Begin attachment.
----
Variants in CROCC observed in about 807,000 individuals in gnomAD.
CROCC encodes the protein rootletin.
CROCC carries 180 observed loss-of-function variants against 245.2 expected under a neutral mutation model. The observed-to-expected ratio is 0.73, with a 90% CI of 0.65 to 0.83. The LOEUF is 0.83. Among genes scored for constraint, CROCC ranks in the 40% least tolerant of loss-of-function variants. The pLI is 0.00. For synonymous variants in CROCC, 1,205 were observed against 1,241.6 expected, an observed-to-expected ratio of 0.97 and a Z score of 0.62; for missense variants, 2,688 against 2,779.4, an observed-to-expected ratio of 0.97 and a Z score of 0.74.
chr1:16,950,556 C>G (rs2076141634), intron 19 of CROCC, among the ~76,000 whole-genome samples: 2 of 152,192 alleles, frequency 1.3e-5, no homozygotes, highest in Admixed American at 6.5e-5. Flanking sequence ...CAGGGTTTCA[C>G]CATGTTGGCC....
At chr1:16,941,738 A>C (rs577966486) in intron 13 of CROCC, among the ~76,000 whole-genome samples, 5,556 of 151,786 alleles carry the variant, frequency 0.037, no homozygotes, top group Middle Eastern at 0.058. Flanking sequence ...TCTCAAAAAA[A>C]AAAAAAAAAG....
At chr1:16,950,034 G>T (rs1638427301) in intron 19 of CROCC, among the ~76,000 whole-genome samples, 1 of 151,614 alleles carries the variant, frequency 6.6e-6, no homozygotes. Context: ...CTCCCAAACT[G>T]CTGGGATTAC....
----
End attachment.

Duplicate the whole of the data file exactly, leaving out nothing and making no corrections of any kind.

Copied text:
Variants in CROCC observed in about 807,000 individuals in gnomAD.
CROCC encodes the protein rootletin.
CROCC carries 180 observed loss-of-function variants against 245.2 expected under a neutral mutation model. The observed-to-expected ratio is 0.73, with a 90% CI of 0.65 to 0.83. The LOEUF is 0.83. Among genes scored for constraint, CROCC ranks in the 40% least tolerant of loss-of-function variants. The pLI is 0.00. For synonymous variants in CROCC, 1,205 were observed against 1,241.6 expected, an observed-to-expected ratio of 0.97 and a Z score of 0.62; for missense variants, 2,688 against 2,779.4, an observed-to-expected ratio of 0.97 and a Z score of 0.74.
chr1:16,950,556 C>G (rs2076141634), intron 19 of CROCC, among the ~76,000 whole-genome samples: 2 of 152,192 alleles, frequency 1.3e-5, no homozygotes, highest in Admixed American at 6.5e-5. Flanking sequence ...CAGGGTTTCA[C>G]CATGTTGGCC....
At chr1:16,941,738 A>C (rs577966486) in intron 13 of CROCC, among the ~76,000 whole-genome samples, 5,556 of 151,786 alleles carry the variant, frequency 0.037, no homozygotes, top group Middle Eastern at 0.058. Flanking sequence ...TCTCAAAAAA[A>C]AAAAAAAAAG....
At chr1:16,950,034 G>T (rs1638427301) in intron 19 of CROCC, among the ~76,000 whole-genome samples, 1 of 151,614 alleles carries the variant, frequency 6.6e-6, no homozygotes. Context: ...CTCCCAAACT[G>T]CTGGGATTAC....